As Russia’s manpower shortages are exacerbated by losses during its current offensive in the Kharkiv region, Russian officials are forcing thousands of migrants and foreign students to fight in its so-called special military operation in Ukraine, Bloomberg reported on Sunday, June 9, citing unnamed European officials.

Moscow authorities are employing tactics akin to those used by Yevgeniy Prigozhin’s Wagner mercenary group to recruit convicts, combining promises of good pay with threats to cancel the visas of African students and young workers unless they agree to enlist in the military.

In September, the UK Defense Ministry reported that Russia was employing a campaign to recruit foreigners from former USSR countries and to force migrant workers to enlist for its war against Ukraine which would allow “the Kremlin to acquire additional personnel for its war effort in the face of mounting casualties.”


There are numerous reports of Africans in Russia on work visas being detained and threatened with immediate deportation unless they agree to fight. Some of those targeted have, reportedly, been able to avoid being mobilized and to remain in the country by paying bribes to the recruiters.

The Russian practice of forcing migrants and students to join its war has been going on since the earliest days of the full-scale invasion a European official said. These foreign troops are thrown into battle after receiving the bare minimum of training and suffer extremely high casualty rates. Bloomberg said that the Russian Foreign Ministry didn’t respond to a request for comment.

Belarus Sentences German Man to Death for 'Mercenary Activity'
Other Topics of Interest

Belarus Sentences German Man to Death for 'Mercenary Activity'

Belarus remains one of the few European countries to have death penalties, and a human rights group said this was the first time someone has been tried for mercenary activity in Belarus.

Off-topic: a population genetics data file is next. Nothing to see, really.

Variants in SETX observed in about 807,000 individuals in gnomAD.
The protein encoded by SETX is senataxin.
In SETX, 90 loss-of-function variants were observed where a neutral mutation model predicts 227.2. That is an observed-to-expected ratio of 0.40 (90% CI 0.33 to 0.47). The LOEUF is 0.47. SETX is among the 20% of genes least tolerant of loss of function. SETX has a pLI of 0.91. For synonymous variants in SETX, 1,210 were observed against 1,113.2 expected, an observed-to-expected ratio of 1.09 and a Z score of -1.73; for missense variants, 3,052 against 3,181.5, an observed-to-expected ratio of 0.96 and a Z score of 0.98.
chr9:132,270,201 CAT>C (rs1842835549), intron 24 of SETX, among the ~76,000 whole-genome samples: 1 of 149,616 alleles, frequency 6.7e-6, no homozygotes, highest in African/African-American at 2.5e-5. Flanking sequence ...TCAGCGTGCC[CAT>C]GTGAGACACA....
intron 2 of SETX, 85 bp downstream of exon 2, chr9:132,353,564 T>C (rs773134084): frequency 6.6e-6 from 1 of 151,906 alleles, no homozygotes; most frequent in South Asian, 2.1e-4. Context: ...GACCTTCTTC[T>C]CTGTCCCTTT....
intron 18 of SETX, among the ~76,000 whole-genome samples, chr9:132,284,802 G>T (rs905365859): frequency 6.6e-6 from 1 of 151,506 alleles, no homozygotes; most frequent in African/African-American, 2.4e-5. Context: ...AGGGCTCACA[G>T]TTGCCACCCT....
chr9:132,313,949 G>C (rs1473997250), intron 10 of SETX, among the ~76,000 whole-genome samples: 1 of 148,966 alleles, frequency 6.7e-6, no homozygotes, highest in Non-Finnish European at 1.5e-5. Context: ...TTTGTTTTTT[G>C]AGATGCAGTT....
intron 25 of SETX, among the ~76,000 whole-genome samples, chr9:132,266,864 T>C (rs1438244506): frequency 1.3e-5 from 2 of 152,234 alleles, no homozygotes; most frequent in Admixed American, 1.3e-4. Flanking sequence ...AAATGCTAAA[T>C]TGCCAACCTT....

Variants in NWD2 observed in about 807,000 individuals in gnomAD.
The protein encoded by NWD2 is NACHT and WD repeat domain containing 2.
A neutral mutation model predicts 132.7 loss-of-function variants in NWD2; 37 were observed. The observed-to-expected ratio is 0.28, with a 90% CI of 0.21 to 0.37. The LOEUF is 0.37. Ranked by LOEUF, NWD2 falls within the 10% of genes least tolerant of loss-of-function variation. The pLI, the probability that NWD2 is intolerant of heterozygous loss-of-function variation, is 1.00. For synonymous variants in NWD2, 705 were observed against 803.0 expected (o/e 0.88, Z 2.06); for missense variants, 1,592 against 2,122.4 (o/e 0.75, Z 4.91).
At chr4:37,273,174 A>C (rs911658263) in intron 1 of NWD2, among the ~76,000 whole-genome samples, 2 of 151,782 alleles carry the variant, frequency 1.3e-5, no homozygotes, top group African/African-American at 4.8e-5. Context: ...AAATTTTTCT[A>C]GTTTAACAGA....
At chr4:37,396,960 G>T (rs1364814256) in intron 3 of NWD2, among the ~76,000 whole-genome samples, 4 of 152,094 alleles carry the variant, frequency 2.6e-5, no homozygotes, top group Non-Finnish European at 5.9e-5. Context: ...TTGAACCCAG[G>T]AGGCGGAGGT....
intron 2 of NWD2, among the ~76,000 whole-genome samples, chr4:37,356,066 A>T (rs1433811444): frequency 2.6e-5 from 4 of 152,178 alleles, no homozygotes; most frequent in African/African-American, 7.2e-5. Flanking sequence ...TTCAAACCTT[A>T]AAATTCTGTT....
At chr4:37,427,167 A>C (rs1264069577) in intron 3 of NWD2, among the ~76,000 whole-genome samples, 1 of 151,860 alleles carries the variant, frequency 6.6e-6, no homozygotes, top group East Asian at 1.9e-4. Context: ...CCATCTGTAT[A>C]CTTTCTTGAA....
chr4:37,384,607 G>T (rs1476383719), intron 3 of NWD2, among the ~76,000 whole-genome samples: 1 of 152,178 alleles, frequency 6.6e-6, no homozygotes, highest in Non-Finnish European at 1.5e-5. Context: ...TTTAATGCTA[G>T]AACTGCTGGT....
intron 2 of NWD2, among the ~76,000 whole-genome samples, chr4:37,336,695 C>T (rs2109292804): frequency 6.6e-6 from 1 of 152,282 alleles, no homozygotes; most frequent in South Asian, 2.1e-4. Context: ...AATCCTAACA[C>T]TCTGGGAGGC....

Ukrainian intelligence agencies say that Russia is engaged in a global recruitment drive seeking foreign mercenaries in at least 21 countries, many in Africa. They offer lucrative signing bonuses and salaries for individuals who will join up as contract soldiers, often using employment agencies in those countries to identify those who have looked for employment in Russia.


In January, it was reported that mercenaries from Somalia, Syria, India, Cuba, China and Serbia were fighting for Russia in Ukraine. A Serbian recruiter, Dejan Beric, said that Moscow’s commanders treated Serb volunteers “like cattle” calling them “gypsies.” Some Serbs who refused to be sent into a “meat assault” with virtually no weapons were branded as “deserters and war criminals.”

In February, CNN reported that as many as 15,000 Nepalese had been recruited, many fooled into thinking they would be working in service industries, according to Nepal’s former Foreign Minister Bimala Rai Paudyal.

According to former Nepalese mercenary Suman Tamang, Russian commanders used him and his foreign compatriots as “cannon fodder,” who were punished severely if they refused to fight on the front line.

Reuters reported last year that the mercenary group Wagner had recruited several African citizens from Russian prisons to serve in Ukraine and cited the case of three men from Tanzania, Zambia and the Ivory Coast who had been sent to Ukraine, two of whom were killed within weeks.

An unidentified senior Ukrainian military official told Bloomberg that there has been a major increase in the number of foreign fighters captured by Ukraine on the battlefield, with those from Africa becoming increasingly common.


Yevgeny Primakov, the head of Rossotrudnichestvo, an organization whose mission is to “strengthen Russia’s humanitarian influence in the world,” said at the St. Petersburg International Economic Forum on Thursday, June 6, “Every year we sign up about 6,500 students from Africa to study in Russia – for free.”

Various estimates put the number of African students currently in Russia at between 35,000 and 37,000, with similar numbers employed on work visas.

To suggest a correction or clarification, write to us here
You can also highlight the text and press Ctrl + Enter